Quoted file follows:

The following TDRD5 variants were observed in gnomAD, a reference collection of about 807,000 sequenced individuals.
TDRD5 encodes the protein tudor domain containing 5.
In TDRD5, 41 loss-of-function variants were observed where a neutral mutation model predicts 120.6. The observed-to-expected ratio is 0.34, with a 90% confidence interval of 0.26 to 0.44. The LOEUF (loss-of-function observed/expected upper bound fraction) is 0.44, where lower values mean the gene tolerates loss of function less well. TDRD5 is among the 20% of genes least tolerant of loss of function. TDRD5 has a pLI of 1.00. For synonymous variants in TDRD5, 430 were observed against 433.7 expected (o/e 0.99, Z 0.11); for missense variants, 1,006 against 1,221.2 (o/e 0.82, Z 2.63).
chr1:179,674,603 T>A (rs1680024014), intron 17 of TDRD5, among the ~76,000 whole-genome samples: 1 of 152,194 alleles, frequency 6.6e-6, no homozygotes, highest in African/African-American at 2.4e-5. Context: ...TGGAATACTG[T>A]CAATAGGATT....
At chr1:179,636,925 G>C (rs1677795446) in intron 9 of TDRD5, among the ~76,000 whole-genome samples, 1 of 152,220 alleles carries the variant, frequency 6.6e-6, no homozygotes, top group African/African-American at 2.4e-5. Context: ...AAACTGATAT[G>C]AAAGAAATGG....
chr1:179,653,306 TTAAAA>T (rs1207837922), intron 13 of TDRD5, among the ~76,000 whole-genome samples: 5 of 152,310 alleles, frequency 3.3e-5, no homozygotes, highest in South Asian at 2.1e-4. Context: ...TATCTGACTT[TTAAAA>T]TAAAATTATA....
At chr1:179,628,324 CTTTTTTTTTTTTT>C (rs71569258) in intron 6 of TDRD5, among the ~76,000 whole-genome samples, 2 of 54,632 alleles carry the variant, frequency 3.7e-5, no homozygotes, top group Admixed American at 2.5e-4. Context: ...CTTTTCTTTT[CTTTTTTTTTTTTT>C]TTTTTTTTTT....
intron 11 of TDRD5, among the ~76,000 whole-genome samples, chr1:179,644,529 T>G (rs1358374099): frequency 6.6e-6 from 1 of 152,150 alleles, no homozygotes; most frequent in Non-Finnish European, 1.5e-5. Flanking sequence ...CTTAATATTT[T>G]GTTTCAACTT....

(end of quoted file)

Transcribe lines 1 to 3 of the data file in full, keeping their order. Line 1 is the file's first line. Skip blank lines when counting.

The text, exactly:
The following TDRD5 variants were observed in gnomAD, a reference collection of about 807,000 sequenced individuals.
TDRD5 encodes the protein tudor domain containing 5.
In TDRD5, 41 loss-of-function variants were observed where a neutral mutation model predicts 120.6. The observed-to-expected ratio is 0.34, with a 90% confidence interval of 0.26 to 0.44. The LOEUF (loss-of-function observed/expected upper bound fraction) is 0.44, where lower values mean the gene tolerates loss of function less well. TDRD5 is among the 20% of genes least tolerant of loss of function. TDRD5 has a pLI of 1.00. For synonymous variants in TDRD5, 430 were observed against 433.7 expected (o/e 0.99, Z 0.11); for missense variants, 1,006 against 1,221.2 (o/e 0.82, Z 2.63).